Hi Joan, thank you for dropping by and for the feedback. I totally agree with your premise that, even without outcomes-related evidence, patient self-management is probably a "Good Thing". That was the argument I was making in the debate: that the evidence doesn't really exist (yet) but if we set our expecations on improved patient experience (like the airline industry found with digitization from paper) then patients may find navigating the healthcare system easier even if we can directly tie patient outcomes and cost savings to self-management. It's all about managing expecations -- for example, if we (in a predictive manner) tell patients that they will lose 50 pounds or signficantly lower their cholesteral then we'll be in trouble; however, if we tell them in a retrospective manner that they have lost weight or improved some other parts of their overall health then we'll be in the clear.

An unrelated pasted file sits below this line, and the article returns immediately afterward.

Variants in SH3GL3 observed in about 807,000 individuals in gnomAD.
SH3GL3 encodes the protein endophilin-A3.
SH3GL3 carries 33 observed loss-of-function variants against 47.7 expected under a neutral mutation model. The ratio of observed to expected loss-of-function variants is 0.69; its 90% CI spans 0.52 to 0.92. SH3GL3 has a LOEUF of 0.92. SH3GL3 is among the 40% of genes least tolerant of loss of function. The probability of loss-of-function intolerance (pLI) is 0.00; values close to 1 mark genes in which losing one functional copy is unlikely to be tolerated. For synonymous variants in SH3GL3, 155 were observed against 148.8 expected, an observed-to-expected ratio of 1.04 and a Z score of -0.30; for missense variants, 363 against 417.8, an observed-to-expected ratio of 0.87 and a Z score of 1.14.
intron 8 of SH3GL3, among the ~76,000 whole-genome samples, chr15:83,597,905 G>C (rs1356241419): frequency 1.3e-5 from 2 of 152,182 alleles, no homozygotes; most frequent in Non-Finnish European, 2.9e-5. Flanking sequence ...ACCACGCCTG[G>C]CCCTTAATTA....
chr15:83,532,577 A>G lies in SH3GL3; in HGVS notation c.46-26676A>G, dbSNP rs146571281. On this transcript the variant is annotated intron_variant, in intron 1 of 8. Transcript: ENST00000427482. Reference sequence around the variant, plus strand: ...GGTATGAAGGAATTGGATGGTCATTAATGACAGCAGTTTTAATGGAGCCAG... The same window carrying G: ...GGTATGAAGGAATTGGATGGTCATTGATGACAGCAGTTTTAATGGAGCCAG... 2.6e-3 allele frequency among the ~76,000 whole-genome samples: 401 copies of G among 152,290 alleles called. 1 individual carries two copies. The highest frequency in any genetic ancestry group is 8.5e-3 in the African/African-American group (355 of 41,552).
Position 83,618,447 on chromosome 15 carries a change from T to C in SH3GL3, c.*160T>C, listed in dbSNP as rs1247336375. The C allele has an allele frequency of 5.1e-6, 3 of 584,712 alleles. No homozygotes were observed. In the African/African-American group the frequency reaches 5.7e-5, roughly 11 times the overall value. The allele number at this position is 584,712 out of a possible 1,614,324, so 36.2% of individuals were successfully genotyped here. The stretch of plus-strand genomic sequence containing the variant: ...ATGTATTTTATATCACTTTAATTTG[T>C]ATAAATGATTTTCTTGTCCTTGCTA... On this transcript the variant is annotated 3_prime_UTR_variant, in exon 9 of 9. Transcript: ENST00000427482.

You are, of course, quite correct that reimbursements will drive all sorts of behavior but I think the government (writ large) understands that and things may actually get better in the future.